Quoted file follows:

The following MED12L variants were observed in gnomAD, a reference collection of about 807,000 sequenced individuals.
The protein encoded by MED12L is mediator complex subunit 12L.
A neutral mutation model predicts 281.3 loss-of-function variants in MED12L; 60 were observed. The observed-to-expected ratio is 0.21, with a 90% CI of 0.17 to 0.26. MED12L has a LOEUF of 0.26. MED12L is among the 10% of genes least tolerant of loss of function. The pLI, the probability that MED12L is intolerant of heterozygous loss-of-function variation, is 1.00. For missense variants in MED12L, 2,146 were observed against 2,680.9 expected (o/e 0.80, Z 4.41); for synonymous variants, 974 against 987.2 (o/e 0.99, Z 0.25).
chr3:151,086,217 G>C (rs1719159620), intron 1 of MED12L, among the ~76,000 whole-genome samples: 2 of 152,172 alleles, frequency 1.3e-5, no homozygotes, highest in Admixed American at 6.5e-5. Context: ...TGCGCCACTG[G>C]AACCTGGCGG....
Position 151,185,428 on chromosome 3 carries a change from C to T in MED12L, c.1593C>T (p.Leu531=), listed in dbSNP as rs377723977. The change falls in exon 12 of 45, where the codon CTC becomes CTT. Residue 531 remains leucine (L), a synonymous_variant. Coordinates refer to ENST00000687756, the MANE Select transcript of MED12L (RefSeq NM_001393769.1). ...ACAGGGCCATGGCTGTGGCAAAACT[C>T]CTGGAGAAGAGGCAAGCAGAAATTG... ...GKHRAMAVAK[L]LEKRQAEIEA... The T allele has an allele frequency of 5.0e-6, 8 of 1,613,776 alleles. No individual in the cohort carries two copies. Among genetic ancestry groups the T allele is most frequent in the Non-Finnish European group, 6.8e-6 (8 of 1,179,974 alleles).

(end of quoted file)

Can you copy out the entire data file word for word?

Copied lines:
The following MED12L variants were observed in gnomAD, a reference collection of about 807,000 sequenced individuals.
The protein encoded by MED12L is mediator complex subunit 12L.
A neutral mutation model predicts 281.3 loss-of-function variants in MED12L; 60 were observed. The observed-to-expected ratio is 0.21, with a 90% CI of 0.17 to 0.26. MED12L has a LOEUF of 0.26. MED12L is among the 10% of genes least tolerant of loss of function. The pLI, the probability that MED12L is intolerant of heterozygous loss-of-function variation, is 1.00. For missense variants in MED12L, 2,146 were observed against 2,680.9 expected (o/e 0.80, Z 4.41); for synonymous variants, 974 against 987.2 (o/e 0.99, Z 0.25).
chr3:151,086,217 G>C (rs1719159620), intron 1 of MED12L, among the ~76,000 whole-genome samples: 2 of 152,172 alleles, frequency 1.3e-5, no homozygotes, highest in Admixed American at 6.5e-5. Context: ...TGCGCCACTG[G>C]AACCTGGCGG....
Position 151,185,428 on chromosome 3 carries a change from C to T in MED12L, c.1593C>T (p.Leu531=), listed in dbSNP as rs377723977. The change falls in exon 12 of 45, where the codon CTC becomes CTT. Residue 531 remains leucine (L), a synonymous_variant. Coordinates refer to ENST00000687756, the MANE Select transcript of MED12L (RefSeq NM_001393769.1). ...ACAGGGCCATGGCTGTGGCAAAACT[C>T]CTGGAGAAGAGGCAAGCAGAAATTG... ...GKHRAMAVAK[L]LEKRQAEIEA... The T allele has an allele frequency of 5.0e-6, 8 of 1,613,776 alleles. No individual in the cohort carries two copies. Among genetic ancestry groups the T allele is most frequent in the Non-Finnish European group, 6.8e-6 (8 of 1,179,974 alleles).